SO: Of course, A Demand for Action is headquartered in Sweden and has operations in 19 countries including a very active team in Australia. We are the largest of the organizations in our community with nearly 22,000 followers and thousands of members and volunteers. Our membership consists of people from all denominations, churches, political parties, and local organizations, so we have an incredibly diverse base. Many of our members and supporters are also board members of the various local and humanitarian organizations in the West and the Middle East. We’re very blessed to have the support we do.  Our model is nothing that has been done in the community in the past, and it’s been working for us.
PA: Do you have any final comments?
SO: My final comment would be that the only way for our community to be effective in securing the support that our people so desperately need is to be a part of the process. One of the things that’s made ADFA successful is that we are non-partisan and non-denominational, so we largely side step the traditional divisions which crippled past political efforts by being inclusive and not trying to force an identity or political ideology on anyone. We also empower our youth and women in our community, who have in the past been marginalized due to normative behaviors and mindsets of the Middle East.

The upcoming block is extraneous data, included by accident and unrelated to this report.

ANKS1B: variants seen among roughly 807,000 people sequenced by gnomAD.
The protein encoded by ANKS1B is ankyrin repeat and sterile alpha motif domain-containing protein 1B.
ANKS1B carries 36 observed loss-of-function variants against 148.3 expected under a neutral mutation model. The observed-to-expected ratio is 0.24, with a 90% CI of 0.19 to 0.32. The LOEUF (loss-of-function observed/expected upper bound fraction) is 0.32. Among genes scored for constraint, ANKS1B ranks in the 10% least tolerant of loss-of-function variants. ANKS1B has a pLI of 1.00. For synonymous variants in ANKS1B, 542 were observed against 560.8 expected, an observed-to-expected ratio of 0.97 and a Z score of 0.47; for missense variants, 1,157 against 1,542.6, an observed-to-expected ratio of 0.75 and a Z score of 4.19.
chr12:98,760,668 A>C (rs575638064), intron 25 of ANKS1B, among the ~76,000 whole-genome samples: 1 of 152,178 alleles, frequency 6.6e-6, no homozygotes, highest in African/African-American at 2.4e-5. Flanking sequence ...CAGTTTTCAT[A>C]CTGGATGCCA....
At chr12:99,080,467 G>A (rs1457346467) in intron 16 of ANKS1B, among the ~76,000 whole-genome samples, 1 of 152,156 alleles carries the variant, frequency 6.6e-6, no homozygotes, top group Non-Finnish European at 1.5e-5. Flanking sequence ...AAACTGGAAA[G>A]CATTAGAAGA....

PA: Thank you for speaking with us.

You can follow Mr Oshana on Twitter: @politicoshana
You can also support ADFA by visiting their website: http://www.ademandforaction.com/
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2 Comments on "Interview with A Demand for Action, an Assyrian lobby group"

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Jennifer Younathan-Badal
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Well said, thank you for your efforts!

Robbie Mikha
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Wow no Respect for the Truth.